It seems that being a brainiac is just in a dolphin’s genes. That’s the upshot from a paper, published on 27 June in the Proceedings of the Royal Society B, that contains insights from the recently sequenced genome of the bottlenose dolphin (Tursiops truncatus). Researchers say that the results should shed light on the evolution of the dolphin nervous system and reveals commonalities with other large-brained mammals.
“Dolphins are a really interesting model to look at because so much of their morphology is modified,” says Mike McGowen, a postdoctoral fellow in molecular genetics at Wayne State University (WSU) College of Medicine in Detroit, Michigan, and a co-author on the study.
Last fall, a team led by researchers at Baylor College of Medicine in Houston, Texas, took the first crack at sequencing the bottlenose dolphin’s genome, as part of a larger study of several mammalian genomes. Although the resulting sequence has gaps, the WSU team used it to flag some 10,025 genes with counterparts in the genomes of nine other mammals, including cows, horses, dogs, humans and elephants. They found 228 gene sequences that had changed significantly relative to other mammals. About 10% of those relate to the nervous system — a probable driver of the dolphin’s mental prowess.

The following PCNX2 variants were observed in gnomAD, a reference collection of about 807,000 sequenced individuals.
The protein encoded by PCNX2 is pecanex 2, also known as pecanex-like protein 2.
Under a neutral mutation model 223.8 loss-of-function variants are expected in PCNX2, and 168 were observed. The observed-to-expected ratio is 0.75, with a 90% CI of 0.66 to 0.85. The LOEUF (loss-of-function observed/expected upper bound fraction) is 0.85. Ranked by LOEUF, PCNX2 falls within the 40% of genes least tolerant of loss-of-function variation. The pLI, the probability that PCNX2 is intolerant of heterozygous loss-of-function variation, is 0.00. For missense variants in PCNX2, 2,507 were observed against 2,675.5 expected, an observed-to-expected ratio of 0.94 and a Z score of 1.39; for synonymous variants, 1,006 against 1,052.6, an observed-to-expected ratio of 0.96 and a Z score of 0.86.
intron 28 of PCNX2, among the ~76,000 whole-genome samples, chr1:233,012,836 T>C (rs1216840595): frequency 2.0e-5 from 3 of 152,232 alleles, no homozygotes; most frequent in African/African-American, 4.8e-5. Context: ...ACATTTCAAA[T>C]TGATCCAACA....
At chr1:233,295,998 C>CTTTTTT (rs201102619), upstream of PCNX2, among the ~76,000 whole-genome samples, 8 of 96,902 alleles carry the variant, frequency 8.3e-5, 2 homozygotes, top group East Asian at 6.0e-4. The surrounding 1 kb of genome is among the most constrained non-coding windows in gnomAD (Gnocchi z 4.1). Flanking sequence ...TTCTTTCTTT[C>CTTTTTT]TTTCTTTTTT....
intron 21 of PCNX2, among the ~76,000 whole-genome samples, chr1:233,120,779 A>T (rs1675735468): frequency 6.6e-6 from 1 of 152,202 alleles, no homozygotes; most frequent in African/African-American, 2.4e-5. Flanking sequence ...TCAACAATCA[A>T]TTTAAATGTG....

“It was something we were hoping to find, since studies have shown that they have a large brain and high cognitive ability,” says McGowen.
One group of genes seems to be important for forming synapses in the brain, and another relates to the bizarre way dolphins sleep with one eye open and half the brain ‘turned off’. Another set corresponds to genes that in humans are related to certain brain disorders, including Alzheimer’s disease and schizophrenia. “These are interesting because any sort of gene that will affect intellectual abilities in humans signals that they may be important in cognitive functions in general,” says McGowen.
Other differences were seen in genes that relate to mitochondria, lung development, cardiovascular adaptations, lipid metabolism and milk production. The team also found a gene related to keratin production that is important for hair growth. Dolphins have only small hairs as babies, but McGowan speculates that the hair gene might be a “pseudogene” — one that remains in the genome even after losing its original function.
One similarity dolphins share with humans and elephants is a decline in the rate of change exhibited by their DNA sequences over time. The team suggests that this relates to characteristics such as body size, longevity and generation time — the time it takes for offspring to mature — and may indicate an underlying similarity in the evolutionary pressures that shaped the otherwise widely distinct species.
Photo credit: NASA